ROOM TONE. MARK 10.
I think that back in 1950s and ‘60s the white people were very much opposed to having the schools integrated. They had no reason other than the fact that they thought that they just didn't want the children to mix. They were afraid of social repercussions. They were afraid that if these children were integrated that some little white girl would bring a little black baby home and they didn't want that to happen. They wanted to keep the race as lily white as possible, and so they thought the best thing to do was to keep them separate in schools. Even after the schools were integrated, there were many occasions of various discords because some social act, some little white boy had found favor in some little white girl, black girl or vice versa and that was one of their big reasons for wanting this thing to stay as it was. They seem to have been able to work together all right. In other words, there were jobs around town where blacks and whites worked together and there was nothing wrong with it, but it was just something against going to school together that they couldn't exactly settle on.
WHO DO YOU THINK REALLY PAID THE PRICE FOR DESEGREGATION IN FARMVILLE, AND WHAT DO YOU THINK THE PRICE WAS? HOW HIGH WAS THE PRICE?
The price of desegregation in Farmville was very, very high on both sides. It was high for the blacks in that so many blacks were denied formal education for a long time and some of them were lost entirely to formal education because some of them never returned to school. There were those who grew up and got married and went away and never returned, and so those persons were denied an education completely. It was a costly thing for the whites because they had to pay tuition for their children—tuitions that ran from 900 to a thousand or twelve hundred dollars a year for one child. And that of course was a very hard problem for many of the whites. During that time, there were white families that were really lost their homes and lost their cars because they couldn't pay that type of tuition. They had to borrow money to send their children to school. Of course the banks and all were very willing to do that. Quite often they- their checks were garnished. They had, it had to be taken out of their checks. Their bosses would deduct from their checks before they got it, the tuition price and take it out in installments too, so that the family would have something to live on. So I think all around both sides had to suffer.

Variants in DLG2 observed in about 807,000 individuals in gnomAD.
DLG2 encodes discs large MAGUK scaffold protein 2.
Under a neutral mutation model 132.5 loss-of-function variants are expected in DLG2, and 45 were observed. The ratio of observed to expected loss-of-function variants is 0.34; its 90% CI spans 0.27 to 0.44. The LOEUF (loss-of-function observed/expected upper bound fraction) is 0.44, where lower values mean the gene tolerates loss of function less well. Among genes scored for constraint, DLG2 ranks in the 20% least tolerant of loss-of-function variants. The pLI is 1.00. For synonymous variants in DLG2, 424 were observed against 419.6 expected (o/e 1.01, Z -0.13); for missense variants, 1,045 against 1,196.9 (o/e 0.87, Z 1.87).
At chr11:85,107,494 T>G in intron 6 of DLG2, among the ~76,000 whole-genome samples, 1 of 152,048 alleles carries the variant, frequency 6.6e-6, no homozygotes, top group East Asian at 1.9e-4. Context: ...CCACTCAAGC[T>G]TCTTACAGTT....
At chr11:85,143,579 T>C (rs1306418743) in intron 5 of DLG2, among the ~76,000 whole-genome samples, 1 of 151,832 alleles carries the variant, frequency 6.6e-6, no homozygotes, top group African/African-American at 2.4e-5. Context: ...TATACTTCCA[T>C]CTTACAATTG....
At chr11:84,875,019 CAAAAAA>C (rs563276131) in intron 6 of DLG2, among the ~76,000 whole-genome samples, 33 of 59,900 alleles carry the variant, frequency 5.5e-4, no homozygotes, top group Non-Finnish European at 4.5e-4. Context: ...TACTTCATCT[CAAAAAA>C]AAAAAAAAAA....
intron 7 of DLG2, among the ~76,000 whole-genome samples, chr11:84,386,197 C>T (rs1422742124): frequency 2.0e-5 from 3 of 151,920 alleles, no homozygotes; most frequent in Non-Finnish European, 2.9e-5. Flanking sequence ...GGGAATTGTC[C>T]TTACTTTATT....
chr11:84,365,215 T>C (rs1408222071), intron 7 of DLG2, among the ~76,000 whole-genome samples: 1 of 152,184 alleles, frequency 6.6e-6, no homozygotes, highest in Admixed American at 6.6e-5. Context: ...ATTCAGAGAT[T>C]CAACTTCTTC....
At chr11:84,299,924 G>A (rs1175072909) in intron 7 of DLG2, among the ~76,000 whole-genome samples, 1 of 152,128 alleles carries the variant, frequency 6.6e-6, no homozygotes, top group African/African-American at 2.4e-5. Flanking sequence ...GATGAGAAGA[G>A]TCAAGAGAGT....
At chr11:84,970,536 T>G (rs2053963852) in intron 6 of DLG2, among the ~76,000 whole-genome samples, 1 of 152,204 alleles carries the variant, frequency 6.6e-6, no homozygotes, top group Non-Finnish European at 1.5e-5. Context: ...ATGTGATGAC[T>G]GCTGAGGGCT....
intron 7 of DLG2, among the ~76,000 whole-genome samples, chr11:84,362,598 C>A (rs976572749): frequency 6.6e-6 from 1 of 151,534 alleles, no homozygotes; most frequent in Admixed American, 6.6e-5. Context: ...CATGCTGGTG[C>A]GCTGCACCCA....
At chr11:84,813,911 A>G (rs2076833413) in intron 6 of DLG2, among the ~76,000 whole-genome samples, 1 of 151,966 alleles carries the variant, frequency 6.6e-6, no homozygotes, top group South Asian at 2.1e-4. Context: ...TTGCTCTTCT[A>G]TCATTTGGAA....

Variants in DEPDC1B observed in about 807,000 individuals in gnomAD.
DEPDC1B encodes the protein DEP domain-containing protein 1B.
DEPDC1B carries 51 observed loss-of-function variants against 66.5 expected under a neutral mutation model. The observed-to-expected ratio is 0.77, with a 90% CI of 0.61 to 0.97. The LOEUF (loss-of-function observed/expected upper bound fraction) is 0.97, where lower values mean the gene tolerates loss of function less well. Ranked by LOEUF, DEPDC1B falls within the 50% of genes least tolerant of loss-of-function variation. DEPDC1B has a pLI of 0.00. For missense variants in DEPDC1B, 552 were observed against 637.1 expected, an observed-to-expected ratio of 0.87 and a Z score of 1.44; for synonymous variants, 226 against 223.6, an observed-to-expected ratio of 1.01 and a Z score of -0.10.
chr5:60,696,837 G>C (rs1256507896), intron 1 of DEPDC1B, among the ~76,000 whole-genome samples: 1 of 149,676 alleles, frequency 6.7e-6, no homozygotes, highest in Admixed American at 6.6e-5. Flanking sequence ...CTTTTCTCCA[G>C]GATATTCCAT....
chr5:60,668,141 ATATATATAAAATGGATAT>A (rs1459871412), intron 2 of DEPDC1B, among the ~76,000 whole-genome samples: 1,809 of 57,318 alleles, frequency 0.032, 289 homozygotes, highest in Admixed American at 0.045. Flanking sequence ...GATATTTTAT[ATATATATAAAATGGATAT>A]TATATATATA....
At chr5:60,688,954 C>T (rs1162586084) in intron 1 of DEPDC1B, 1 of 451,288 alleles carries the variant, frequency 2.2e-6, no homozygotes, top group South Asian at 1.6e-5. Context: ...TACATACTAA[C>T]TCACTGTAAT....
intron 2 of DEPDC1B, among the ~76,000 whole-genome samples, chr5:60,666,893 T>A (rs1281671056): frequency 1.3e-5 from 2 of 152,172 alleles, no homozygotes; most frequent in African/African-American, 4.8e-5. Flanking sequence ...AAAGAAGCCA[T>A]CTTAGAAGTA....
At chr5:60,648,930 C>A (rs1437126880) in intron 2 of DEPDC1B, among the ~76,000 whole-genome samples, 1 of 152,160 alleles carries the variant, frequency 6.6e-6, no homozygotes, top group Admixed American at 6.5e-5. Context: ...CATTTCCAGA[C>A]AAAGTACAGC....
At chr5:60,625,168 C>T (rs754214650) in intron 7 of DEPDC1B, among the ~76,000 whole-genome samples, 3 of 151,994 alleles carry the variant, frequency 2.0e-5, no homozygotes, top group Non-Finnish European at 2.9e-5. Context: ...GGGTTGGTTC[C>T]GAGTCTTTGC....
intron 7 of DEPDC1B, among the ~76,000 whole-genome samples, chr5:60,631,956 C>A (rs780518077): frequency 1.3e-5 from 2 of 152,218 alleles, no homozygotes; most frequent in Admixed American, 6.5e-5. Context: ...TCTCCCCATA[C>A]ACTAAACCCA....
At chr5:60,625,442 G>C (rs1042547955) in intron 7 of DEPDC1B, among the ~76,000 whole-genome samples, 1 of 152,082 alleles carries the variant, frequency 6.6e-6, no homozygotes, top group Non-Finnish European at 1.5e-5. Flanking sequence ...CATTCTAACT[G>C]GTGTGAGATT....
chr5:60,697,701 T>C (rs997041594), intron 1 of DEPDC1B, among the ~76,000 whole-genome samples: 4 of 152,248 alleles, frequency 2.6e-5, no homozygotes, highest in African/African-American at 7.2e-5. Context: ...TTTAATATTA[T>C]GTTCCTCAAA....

DO YOU THINK THE PRICE THAT THE WHITES PAID WAS HIGHER THAN JUST THE ECONOMIC PRICE?
Yes, I think it was because, after all, since we have to live together now, and perhaps the rest of our lives, I think that we lost a lot of contact that was necessary in the growing up process. I think that had we integrated at once and gone on and gotten over the pains of integration earlier, I think that everything would have moved on much smoother.
STOP. MARK 11.
The price that was paid for integration will last for a long time in the lives of both the whites and the blacks in Prince Edward County. It is something that you would like to forget. . .(INTERRUPT.) The price was very great for both the blacks and the whites. It is something that we won't get over in a long time because for generations we will always think about the midnight raid on the county treasurer. We'll think about other incidents, for instance I can think very readily now of an occasion when the- a member of the school board and I were in a discussion and he said because I had said that I didn't think that there was anything fair about what was going on, and so he decided that he was going to take me aside and kind of smooth it over. So he says to me, he says, "Now Vanessa," he says, "I couldn't think about sitting [sending?] in my little child out here among all these colored children." And I said, "Well, yes sir, I guess you've got a point there." I said, "You remind me of myself." I said, "Suppose I go home this evening"—you see he was on the school board and he was making the rules and regulations and appropriations for the black schools. So I said "I'll go home this evening, I said and I'll fix a good dinner for my husband, I'll fix him all his favorite foods and put out a beautiful tablecloth and serve it beautifully and then when he gets ready to sit down to eat, I'll say to him, ‘Now you eat and enjoy yourself honey, but I can't that stuff, I'm going downtown into a hotel someplace and get myself a good meal.'" I said, "You['re] preparing for the black children but you saying that it's not good enough for your child. It's fine for them, but it's not good enough for your child." So I laughed at him and we ended that conversation, but that's the thing that usually happened. The school board members would do what they thought they wanted done for the black children and felt that the black children and the parents too should accept it.